reviewed by Tom-Tom
Alfonso Cuaron certainly has directed a series of balanced films from children’s novel adaptations (A Little Princess, Harry Potter and the Prisoner of Azkaban) to the excellently realistic dystopian picture Children of Men. Now he brings us “Gravity,” a quiet yet dramatic film filled with a completely visceral performance by Bullock with spare but colorful dialogue shared with George Clooney, charming as always, brief quips with a competent fellow floating astronaut, and ground control. The music is appropriately serene, suspenseful, threatening, moody, and triumphant. The visuals are beautiful and stunning sometimes POV putting us in the shoes (spacesuits, rather) of Dr. Ryan Stone, played by Sandra Bullock, sometimes in close with the galaxy spinning around her, sometimes panned out to show how truly small the astronauts are. The physics are well thought out and Dr. Stone’s gasps and whimpers get a bit grating as she tries to work under zero G conditions. The action kicks in pretty quickly and the soundtrack seamlessly coalesces in a biting, thrilling tone more atmospheric than thematic but better for it. Clooney’s character Kowalski seems to be an all-seeing, all-knowing, perfect human being without whom Dr. Stone would be doomed in just the first few minutes of the film. A bit too perfect, I suppose. It’s intriguing how the film succeeds in being suspenseful without any affectation, how it depicts loneliness and loss with atmosphere and tones of voice rather than a verbose script. I have to admit I found it thrilling to see Sandra Bullock soaring headfirst through the various tunnels of the space station escaping a fire. This balance of serenity and suspense tempered with reflection of loss and loneliness provided such a beautiful counterpoint that I was immensely satisfied. The complications are all scientifically grounded, not just a mess thrown Stone’s way to deal with it. It is all solvable but only within a short timeframe hence the nail-biting suspense. Bullock is more than up to the task of holding the viewer’s attention throughout this emotional and action packed roller coaster through her vocalization and facial expressions which handle the variety of complicated feelings she certainly must be experiencing in the impossible situation she finds herself in. I found myself rooting for her the whole time even towards the very end of her journey.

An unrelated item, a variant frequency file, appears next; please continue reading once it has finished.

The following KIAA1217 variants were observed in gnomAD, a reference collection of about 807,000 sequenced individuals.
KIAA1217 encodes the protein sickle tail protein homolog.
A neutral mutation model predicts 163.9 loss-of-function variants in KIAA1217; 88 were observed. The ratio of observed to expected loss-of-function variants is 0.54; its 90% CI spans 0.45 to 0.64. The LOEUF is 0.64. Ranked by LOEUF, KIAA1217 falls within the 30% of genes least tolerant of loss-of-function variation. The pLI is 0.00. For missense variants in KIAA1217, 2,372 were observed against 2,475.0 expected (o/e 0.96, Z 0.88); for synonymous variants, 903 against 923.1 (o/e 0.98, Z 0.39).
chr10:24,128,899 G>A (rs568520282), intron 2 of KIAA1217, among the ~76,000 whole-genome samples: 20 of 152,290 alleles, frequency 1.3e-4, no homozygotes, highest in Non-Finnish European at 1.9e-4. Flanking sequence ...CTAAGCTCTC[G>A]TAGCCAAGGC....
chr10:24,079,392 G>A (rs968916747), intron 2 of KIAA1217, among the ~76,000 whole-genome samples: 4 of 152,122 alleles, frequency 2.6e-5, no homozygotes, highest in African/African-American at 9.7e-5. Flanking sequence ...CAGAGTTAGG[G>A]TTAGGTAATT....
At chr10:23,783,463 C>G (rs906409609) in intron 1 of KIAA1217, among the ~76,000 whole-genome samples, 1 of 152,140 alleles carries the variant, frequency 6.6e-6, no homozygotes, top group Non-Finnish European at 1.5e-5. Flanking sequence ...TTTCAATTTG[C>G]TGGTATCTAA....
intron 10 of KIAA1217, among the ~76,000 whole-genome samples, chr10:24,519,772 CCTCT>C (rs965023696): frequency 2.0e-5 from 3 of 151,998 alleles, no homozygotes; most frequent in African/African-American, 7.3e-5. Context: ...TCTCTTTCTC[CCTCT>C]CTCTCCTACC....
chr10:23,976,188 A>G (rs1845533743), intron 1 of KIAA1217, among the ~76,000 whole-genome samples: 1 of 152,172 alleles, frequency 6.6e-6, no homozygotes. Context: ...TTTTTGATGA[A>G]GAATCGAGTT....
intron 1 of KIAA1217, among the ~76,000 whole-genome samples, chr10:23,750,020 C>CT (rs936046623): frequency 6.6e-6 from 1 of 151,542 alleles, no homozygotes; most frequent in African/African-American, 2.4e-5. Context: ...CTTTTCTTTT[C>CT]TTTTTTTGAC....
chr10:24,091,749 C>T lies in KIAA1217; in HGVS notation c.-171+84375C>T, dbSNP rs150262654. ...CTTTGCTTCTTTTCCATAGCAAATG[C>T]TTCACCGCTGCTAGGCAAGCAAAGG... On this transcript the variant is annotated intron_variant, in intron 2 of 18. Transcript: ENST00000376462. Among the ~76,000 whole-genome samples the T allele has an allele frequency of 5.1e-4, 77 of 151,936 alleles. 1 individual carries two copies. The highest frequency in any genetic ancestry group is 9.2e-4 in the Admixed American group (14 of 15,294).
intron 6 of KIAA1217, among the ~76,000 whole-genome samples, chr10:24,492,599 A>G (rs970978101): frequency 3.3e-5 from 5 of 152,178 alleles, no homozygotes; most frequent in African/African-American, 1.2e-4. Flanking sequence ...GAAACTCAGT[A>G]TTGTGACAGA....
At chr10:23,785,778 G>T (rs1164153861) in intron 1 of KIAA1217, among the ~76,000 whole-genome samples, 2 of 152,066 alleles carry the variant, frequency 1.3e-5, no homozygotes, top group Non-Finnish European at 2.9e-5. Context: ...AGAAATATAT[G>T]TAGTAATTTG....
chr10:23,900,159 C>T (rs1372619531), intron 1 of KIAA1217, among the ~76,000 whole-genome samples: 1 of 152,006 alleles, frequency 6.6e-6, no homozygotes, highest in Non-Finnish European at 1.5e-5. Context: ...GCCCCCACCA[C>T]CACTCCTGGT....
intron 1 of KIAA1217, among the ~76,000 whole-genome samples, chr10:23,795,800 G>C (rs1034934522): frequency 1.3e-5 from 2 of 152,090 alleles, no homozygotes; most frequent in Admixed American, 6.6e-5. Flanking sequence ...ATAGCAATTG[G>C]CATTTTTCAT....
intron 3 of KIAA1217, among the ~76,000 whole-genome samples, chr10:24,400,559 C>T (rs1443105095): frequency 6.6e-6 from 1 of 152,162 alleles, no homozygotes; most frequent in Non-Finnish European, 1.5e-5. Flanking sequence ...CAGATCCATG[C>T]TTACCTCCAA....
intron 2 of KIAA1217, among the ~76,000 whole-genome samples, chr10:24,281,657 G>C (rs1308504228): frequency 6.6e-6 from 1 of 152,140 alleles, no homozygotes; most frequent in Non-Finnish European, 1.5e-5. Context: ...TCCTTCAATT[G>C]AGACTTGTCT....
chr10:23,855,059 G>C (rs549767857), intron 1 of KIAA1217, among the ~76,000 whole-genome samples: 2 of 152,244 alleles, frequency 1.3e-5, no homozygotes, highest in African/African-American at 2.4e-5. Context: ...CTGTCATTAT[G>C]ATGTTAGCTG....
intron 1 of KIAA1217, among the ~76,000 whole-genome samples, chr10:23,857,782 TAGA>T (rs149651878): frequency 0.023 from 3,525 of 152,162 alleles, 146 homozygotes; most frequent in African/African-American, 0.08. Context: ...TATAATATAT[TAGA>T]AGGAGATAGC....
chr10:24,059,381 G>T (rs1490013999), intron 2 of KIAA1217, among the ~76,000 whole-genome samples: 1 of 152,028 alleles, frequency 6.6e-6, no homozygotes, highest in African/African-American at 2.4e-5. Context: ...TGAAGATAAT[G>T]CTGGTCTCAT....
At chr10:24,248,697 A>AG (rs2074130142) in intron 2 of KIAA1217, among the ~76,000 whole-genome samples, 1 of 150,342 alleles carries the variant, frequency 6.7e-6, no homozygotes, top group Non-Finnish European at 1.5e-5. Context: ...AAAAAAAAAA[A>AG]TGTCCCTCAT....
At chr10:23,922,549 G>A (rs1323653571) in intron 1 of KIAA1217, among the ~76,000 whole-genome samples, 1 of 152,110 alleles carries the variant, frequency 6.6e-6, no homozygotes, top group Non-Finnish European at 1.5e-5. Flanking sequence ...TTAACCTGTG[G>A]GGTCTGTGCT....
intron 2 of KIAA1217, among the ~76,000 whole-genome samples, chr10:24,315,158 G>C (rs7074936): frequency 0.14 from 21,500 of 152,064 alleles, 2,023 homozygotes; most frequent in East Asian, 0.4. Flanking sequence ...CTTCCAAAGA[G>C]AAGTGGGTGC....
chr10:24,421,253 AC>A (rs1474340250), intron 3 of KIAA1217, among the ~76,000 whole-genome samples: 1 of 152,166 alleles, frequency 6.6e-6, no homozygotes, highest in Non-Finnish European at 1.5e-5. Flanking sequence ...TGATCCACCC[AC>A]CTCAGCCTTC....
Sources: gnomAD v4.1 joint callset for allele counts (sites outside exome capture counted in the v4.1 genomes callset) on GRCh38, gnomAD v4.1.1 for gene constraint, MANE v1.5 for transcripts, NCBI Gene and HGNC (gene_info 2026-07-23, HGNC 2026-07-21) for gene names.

“Gravity” is a fine and finely made film. I sometimes question not only the validity but the sanity of the choices for “Best Picture” Oscar nominations but “Gravity” deserves every accolade it received and even some of those it didn’t.